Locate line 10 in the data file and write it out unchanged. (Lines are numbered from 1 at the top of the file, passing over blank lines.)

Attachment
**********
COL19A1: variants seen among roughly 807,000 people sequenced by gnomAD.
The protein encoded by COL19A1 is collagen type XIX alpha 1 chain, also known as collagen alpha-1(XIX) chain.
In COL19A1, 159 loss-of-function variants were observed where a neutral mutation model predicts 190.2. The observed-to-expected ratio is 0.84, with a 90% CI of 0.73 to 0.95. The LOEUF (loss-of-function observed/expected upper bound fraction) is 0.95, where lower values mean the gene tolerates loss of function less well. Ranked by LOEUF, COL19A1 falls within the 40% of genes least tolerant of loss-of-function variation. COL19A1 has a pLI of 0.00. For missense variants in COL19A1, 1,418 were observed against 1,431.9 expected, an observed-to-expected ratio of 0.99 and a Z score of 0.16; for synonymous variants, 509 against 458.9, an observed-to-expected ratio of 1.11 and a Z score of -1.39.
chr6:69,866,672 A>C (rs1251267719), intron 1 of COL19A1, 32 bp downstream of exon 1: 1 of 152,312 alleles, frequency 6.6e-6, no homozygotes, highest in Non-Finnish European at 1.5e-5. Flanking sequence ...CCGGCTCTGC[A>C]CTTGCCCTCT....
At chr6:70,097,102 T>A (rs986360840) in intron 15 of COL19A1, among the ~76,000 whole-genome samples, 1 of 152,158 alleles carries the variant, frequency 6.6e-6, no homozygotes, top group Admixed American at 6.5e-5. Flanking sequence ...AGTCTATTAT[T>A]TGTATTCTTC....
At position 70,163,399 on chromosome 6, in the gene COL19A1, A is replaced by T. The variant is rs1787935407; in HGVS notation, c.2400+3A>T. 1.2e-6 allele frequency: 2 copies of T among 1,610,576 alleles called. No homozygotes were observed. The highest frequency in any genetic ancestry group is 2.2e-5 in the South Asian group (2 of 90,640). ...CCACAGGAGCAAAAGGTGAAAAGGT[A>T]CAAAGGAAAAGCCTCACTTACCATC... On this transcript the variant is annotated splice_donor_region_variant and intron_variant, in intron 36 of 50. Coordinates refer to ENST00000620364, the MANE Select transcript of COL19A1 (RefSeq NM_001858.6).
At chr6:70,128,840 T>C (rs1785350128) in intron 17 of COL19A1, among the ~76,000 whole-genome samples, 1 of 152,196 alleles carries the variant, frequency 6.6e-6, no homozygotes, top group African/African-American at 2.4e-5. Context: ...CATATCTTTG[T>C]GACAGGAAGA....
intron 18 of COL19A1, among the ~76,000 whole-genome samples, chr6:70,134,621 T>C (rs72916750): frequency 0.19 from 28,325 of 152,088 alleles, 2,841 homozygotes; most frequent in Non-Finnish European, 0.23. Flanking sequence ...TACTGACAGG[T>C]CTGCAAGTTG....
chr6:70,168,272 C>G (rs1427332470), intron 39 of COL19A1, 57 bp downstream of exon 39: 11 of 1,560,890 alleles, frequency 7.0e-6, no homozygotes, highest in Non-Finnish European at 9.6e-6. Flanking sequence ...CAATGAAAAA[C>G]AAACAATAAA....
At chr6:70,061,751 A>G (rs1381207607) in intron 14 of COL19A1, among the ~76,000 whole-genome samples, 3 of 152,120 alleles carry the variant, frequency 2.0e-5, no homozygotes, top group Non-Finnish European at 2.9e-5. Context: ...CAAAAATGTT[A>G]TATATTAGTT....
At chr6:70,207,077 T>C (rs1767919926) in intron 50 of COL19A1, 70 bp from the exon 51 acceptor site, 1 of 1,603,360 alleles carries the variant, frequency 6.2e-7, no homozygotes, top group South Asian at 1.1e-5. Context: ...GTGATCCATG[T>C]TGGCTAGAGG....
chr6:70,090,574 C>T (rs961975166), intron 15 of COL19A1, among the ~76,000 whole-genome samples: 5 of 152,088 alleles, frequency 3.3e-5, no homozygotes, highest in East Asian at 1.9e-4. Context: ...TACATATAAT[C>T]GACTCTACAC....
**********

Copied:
At chr6:70,061,751 A>G (rs1381207607) in intron 14 of COL19A1, among the ~76,000 whole-genome samples, 3 of 152,120 alleles carry the variant, frequency 2.0e-5, no homozygotes, top group Non-Finnish European at 2.9e-5. Context: ...CAAAAATGTT[A>G]TATATTAGTT....